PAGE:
Instead, we are seduced by the trappings of capitalism and consumption. We aspire to be like those with the fame, the money, the influence, the social media followings. We’ve been told that in order for our society to thrive, we have to maintain a certain level of growth. But our levels of consumption are destroying our life support system, our planet. The environment and the natural world are essential to our health and wellbeing. Dr. Rupy pointed out that the problem is, while we see climate catastrophes playing out, they lack immediacy to our daily lives. The pandemic may help more people to understand that climate change will have huge consequences to our ability to survive and thrive as a species. Since the 1970s, Earth’s population has doubled, and consumption has increased by 45% per capita. In direct correlation, nature’s capacity to support us has plummeted. By destroying the planet, we are directly endangering our own survival, and increasing the risk of future pandemics – and worse:
“Pandemics…are caused by activities that bring increasing numbers of people into direct contact and often conflict with the animals that carry these pathogens. Rampant deforestation, uncontrolled expansion of agriculture, intensive farming, mining and infrastructure development, as well as the exploitation of wild species have created a “perfect storm” for the spillover of diseases from wildlife to people…Future pandemics are likely to happen more frequently, spread more rapidly, have greater economic impact and kill more people if we are not extremely careful about the possible impacts of the choices we make today.”
Our health depends on a healthy planet. This is a turning point for us to take serious, swift action to protect the environment. Governments need to balance economic growth with sustaining the world we live in. We need to address the meat trade, the wildlife trade, the growing threat of antibiotic resistance due to current farming methods. We are sitting on a ticking timebomb, creating the perfect storm for catastrophe.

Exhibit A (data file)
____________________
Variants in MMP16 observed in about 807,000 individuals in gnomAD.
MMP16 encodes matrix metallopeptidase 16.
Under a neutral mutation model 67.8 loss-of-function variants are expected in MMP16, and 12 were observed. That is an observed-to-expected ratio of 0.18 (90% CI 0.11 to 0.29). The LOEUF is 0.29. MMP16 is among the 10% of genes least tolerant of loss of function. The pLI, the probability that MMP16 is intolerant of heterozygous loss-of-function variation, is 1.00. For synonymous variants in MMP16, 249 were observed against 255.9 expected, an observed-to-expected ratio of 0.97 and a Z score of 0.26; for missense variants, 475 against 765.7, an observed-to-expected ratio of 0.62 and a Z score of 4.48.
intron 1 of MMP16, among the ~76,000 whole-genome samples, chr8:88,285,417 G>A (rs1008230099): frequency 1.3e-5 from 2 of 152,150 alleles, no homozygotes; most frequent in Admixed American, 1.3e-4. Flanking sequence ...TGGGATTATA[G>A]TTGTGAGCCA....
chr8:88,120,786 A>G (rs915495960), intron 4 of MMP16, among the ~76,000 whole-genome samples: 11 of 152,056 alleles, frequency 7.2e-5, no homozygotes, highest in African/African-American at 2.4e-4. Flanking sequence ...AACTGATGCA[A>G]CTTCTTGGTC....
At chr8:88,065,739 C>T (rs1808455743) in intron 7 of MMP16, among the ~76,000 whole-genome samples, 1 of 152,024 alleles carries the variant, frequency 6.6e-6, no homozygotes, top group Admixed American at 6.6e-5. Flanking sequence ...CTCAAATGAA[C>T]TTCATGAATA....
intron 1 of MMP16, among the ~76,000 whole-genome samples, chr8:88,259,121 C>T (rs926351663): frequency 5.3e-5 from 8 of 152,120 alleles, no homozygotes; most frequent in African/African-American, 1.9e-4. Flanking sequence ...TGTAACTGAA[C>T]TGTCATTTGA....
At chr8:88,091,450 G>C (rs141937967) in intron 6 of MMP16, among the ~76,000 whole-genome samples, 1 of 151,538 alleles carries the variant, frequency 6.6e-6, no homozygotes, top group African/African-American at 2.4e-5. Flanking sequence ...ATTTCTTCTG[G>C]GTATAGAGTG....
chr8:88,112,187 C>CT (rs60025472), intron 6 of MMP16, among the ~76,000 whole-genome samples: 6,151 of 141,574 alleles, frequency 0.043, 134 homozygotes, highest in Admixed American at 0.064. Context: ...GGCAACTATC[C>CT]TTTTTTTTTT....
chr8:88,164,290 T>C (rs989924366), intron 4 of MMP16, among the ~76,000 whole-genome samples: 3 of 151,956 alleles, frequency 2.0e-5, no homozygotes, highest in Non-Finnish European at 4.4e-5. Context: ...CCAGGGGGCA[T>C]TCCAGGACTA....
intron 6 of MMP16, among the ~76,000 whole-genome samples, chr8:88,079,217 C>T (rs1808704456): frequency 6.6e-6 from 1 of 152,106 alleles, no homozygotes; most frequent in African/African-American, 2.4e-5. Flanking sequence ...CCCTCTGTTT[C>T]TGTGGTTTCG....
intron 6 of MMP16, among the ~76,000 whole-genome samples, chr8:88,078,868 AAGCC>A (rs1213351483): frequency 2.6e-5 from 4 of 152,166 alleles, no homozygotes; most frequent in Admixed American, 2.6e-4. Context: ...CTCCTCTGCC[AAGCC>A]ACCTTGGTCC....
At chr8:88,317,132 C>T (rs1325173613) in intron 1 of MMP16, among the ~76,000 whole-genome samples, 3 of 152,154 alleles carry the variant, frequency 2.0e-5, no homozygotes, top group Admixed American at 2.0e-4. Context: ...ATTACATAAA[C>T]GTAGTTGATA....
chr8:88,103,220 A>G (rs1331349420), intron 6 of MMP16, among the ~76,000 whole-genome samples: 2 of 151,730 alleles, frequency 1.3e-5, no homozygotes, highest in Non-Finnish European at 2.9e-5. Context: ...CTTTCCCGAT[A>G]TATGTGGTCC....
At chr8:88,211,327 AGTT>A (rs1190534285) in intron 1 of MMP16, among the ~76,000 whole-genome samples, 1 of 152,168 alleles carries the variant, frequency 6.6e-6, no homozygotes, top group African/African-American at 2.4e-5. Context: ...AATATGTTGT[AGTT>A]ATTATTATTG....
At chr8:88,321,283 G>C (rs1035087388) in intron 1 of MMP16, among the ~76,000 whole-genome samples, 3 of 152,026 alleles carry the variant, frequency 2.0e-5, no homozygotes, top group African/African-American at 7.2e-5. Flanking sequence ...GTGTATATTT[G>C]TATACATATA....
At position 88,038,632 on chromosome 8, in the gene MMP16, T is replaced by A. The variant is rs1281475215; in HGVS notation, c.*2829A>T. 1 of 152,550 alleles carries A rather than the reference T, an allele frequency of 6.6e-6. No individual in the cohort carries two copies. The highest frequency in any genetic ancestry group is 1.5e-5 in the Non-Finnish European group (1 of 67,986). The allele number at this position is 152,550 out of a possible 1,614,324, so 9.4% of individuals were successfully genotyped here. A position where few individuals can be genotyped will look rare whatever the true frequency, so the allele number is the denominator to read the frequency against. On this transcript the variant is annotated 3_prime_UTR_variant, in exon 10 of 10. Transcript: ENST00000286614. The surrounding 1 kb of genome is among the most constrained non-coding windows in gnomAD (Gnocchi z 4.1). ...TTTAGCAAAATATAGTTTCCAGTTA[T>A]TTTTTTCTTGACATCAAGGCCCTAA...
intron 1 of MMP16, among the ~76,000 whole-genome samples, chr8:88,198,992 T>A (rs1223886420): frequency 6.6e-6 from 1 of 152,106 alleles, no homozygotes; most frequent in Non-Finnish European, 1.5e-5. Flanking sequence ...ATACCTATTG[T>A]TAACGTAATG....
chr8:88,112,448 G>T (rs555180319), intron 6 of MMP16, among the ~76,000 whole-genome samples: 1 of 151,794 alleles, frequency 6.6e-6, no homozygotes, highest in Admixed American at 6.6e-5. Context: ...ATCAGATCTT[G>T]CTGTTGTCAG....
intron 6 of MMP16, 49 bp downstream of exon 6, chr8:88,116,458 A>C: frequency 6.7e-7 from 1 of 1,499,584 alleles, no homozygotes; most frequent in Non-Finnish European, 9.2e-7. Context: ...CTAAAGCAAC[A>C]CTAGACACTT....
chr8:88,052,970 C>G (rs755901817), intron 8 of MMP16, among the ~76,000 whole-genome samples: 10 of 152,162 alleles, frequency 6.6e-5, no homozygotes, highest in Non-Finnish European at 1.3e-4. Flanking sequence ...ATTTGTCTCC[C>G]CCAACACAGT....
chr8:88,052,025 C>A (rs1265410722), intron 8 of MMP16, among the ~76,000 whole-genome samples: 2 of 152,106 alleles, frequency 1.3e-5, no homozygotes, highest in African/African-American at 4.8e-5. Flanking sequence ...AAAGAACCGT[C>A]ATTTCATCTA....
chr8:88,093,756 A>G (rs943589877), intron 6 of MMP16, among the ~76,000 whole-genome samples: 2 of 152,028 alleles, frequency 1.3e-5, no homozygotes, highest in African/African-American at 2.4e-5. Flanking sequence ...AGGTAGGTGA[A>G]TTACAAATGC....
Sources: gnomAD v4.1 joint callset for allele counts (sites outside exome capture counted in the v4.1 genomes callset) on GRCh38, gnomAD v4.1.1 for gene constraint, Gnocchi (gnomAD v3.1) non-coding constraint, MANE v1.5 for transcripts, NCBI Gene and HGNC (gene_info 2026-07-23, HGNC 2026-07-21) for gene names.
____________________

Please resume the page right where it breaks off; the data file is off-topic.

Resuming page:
But there is hope. There is renewed focus on holistic and culinary medicine, regenerative farming, and sustainable practices across multiple industries. Monbiot highlighted economist Kate Raworth’s ‘doughnut economics’ model as one which could successfully sustain both our economy and our environment. As Raworth puts it:
“Humanity’s 21st century challenge is to meet the needs of all within the means of the planet. In other words, to ensure that no one falls short on life’s essentials (from food and housing to healthcare and political voice), while ensuring that collectively we do not overshoot our pressure on Earth’s life-supporting systems, on which we fundamentally depend.”
The goal is to live within the two boundaries of the doughnut, and facilitate human wellbeing within the thriving boundaries of life. And the concept is being tested. Amsterdam is just one city which is looking at implementing this model and taking transformative action.
The tipping point
This point in time may be the most important in humanity’s history. Now is the time to reimagine how to cultivate and sustain health and happiness in a post pandemic world. Let’s choose to reshape our political and societal structures, and what we value and reward in our culture. Let’s choose new leaders, ones who care about human health and wellbeing rather than power and wealth. Leaders who recognise that health is the basis of wealth, and that investing in health IS investing in the economy. Precedents have already been set prior to the pandemic by countries such as New Zealand and Iceland. Governments which prioritise health and happiness post pandemic – rather than GDP – can address climate change, tackle inequality, and restructure the economy to benefit us all.
We have an opportunity to come together in global solidarity to solve these issues. I hope that we invest in global healthcare systems for all, that we renew our focus on fostering community, kindness and connection. I hope that we prioritise human health, planetary health, and the health of our relationships. More than 70 years ago, the WHO declared that “the enjoyment of the highest attainable standard of health is one of the fundamental rights of every human being.” Collective action can yield powerful results, and together, we can build a society that prioritises health and happiness post pandemic for everyone.